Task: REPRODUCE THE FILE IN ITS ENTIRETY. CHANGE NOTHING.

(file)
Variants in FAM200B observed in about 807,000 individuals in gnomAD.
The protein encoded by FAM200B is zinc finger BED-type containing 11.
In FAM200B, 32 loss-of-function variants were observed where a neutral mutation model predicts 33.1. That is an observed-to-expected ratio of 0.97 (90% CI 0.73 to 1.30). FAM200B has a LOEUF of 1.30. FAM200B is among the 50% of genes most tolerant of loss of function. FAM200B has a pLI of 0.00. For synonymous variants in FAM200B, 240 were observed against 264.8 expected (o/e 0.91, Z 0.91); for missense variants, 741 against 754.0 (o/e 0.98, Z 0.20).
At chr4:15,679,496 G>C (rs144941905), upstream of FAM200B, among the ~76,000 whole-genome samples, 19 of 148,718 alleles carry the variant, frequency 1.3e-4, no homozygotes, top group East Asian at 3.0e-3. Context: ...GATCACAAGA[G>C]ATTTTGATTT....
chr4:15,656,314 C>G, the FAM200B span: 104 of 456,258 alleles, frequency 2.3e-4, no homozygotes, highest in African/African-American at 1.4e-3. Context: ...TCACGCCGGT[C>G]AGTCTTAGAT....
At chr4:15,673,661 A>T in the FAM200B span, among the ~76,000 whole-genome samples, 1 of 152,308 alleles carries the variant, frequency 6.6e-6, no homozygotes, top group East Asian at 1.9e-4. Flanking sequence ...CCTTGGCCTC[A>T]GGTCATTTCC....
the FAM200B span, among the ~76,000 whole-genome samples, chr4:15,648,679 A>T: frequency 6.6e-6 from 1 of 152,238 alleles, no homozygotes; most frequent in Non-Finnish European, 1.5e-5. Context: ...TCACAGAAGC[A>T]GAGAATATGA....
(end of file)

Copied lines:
Variants in FAM200B observed in about 807,000 individuals in gnomAD.
The protein encoded by FAM200B is zinc finger BED-type containing 11.
In FAM200B, 32 loss-of-function variants were observed where a neutral mutation model predicts 33.1. That is an observed-to-expected ratio of 0.97 (90% CI 0.73 to 1.30). FAM200B has a LOEUF of 1.30. FAM200B is among the 50% of genes most tolerant of loss of function. FAM200B has a pLI of 0.00. For synonymous variants in FAM200B, 240 were observed against 264.8 expected (o/e 0.91, Z 0.91); for missense variants, 741 against 754.0 (o/e 0.98, Z 0.20).
At chr4:15,679,496 G>C (rs144941905), upstream of FAM200B, among the ~76,000 whole-genome samples, 19 of 148,718 alleles carry the variant, frequency 1.3e-4, no homozygotes, top group East Asian at 3.0e-3. Context: ...GATCACAAGA[G>C]ATTTTGATTT....
chr4:15,656,314 C>G, the FAM200B span: 104 of 456,258 alleles, frequency 2.3e-4, no homozygotes, highest in African/African-American at 1.4e-3. Context: ...TCACGCCGGT[C>G]AGTCTTAGAT....
At chr4:15,673,661 A>T in the FAM200B span, among the ~76,000 whole-genome samples, 1 of 152,308 alleles carries the variant, frequency 6.6e-6, no homozygotes, top group East Asian at 1.9e-4. Flanking sequence ...CCTTGGCCTC[A>T]GGTCATTTCC....
the FAM200B span, among the ~76,000 whole-genome samples, chr4:15,648,679 A>T: frequency 6.6e-6 from 1 of 152,238 alleles, no homozygotes; most frequent in Non-Finnish European, 1.5e-5. Context: ...TCACAGAAGC[A>T]GAGAATATGA....